I was sectioned about five times during one year in 1992 and I thought “this isn’t fair on people” so I took early retirement. I’ve been retired since 1993 when I moved into a council flat. I’m still at the flat and I like it. It’s in a house that’s been made into flats.

I was brought up a catholic and a lot of my illness stems from religion. It also stems from losing my dad at a young age when I was ten. When I got to the age of eighteen, I had my first nervous breakdown and that’s when I first started hearing voices and was diagnosed with schizophrenia. I was getting peculiar images in my head and thinking that the television could see me and was talking to me directly. I had paranoid thoughts about people wanting to harm me in some way or out to get me. I don’t usually get depressed as a rule. There’s a shortage of bees and butterflies at the moment which could lead to widespread famine and starvation, so I rang the breakfast show on Radio Sheffield to let them know. It’s important to tell people about that.

I have ideas in my head which are very hard to get rid of. Meditation helps, I meditate every day. Look after your mental health – sometimes your mental health is more important than your physical health. Physical health is important too, so look after your body and soul. Don’t be selfish, be charitable with other people, ask if they need a bit of help. Sometimes they do.

I have my hobbies of art and model building. When I was in hospital when I’d broken my leg, my mother was visiting me and she encouraged me to do painting and drawing. She brought me a paint by numbers set and I started from there. I was nineteen years old so I’ve been doing it for fifty years, painting mostly. My mental state affects my art as well; you can usually tell from my art what my state of mind is.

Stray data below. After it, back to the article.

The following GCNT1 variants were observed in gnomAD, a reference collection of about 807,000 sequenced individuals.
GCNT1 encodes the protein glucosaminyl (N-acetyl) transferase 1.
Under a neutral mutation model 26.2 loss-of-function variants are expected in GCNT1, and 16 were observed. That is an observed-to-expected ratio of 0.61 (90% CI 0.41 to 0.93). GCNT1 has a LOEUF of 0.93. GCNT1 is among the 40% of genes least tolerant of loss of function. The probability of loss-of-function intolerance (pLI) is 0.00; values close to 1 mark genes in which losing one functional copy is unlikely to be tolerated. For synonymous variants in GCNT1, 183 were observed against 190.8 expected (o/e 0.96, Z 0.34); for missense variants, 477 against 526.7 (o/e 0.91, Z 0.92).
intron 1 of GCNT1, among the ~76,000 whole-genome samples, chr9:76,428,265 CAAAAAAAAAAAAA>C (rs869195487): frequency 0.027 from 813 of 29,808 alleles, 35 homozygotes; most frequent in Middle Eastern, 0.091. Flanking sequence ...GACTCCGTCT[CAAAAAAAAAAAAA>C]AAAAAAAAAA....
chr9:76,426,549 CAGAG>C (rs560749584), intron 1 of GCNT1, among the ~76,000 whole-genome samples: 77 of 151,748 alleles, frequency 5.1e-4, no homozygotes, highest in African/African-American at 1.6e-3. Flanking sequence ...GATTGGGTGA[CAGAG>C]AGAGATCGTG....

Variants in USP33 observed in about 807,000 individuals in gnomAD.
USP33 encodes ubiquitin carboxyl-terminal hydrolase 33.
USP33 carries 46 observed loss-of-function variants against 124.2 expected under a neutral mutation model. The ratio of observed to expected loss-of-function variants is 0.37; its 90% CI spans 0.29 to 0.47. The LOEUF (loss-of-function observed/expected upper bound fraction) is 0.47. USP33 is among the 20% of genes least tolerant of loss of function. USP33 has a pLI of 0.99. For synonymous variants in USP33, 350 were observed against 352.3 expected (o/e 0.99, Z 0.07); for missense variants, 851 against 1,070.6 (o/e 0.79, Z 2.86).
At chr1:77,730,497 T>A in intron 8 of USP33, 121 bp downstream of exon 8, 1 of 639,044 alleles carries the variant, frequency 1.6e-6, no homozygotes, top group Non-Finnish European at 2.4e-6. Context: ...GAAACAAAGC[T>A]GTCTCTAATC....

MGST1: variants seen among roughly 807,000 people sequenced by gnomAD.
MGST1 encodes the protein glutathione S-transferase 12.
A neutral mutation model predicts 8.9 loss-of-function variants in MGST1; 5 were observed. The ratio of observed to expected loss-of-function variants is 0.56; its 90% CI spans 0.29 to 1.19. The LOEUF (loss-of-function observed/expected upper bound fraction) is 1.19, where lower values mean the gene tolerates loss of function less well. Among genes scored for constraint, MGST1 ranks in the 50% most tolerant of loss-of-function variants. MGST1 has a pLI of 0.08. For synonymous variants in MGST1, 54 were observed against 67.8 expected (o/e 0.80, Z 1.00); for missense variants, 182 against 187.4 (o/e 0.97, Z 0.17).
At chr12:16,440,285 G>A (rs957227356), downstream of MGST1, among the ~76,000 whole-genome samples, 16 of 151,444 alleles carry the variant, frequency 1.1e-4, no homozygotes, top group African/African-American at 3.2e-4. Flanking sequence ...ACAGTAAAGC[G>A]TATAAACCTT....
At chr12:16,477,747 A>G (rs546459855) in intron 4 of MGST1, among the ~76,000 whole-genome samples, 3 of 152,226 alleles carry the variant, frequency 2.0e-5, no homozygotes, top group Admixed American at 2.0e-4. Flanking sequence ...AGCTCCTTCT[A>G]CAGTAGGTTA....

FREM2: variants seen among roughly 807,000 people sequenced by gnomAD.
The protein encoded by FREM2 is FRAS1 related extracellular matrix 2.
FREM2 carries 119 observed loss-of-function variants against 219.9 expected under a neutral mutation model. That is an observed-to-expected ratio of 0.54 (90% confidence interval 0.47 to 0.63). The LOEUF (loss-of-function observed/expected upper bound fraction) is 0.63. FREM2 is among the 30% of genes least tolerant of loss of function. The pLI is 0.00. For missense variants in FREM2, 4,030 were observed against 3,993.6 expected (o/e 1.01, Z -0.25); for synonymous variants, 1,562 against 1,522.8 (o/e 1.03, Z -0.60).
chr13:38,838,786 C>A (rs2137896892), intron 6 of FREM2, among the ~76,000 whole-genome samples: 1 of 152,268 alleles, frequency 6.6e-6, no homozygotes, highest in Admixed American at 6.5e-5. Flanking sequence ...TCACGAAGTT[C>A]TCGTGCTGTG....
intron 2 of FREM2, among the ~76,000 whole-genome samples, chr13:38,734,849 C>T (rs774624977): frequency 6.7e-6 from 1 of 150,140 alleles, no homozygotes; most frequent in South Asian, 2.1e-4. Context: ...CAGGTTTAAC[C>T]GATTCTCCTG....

I joined a campaign group that campaigns for a better deal for people with schizophrenia who are wrongly portrayed as violent and aggressive in the media. There are a lot of ‘sane’ people who can be violent and aggressive too. A lot of schizophrenic people are quite shy and withdrawn.

I get ideas in my head. I ruminate and dwell on things a little bit too much. It can vary but I cope, I have a routine now. It’s important to have a routine. I get up early in the morning at 5 or 6 o’clock. I like to catch up and see what’s going on in the world. I do a lot of my shopping online, I don’t think I could cope with going into a supermarket.

I’ve been a member of Sheffield Flourish for a while. I take part in the art group and creative writing group and the games and quiz group.

Nothing has changed really for me in lockdown because I do all of my shopping online anyway. I’ve adapted well. A lot of people who don’t have mental health problems have been affected by all this.

I’m very overweight, I need to lose some weight. I smoke cigarettes – I find smoking calms me down a lot. A lot of mentally ill people smoke. I gave up for six years and then my mum had a stroke and it set me off again.

Artwork by Gerry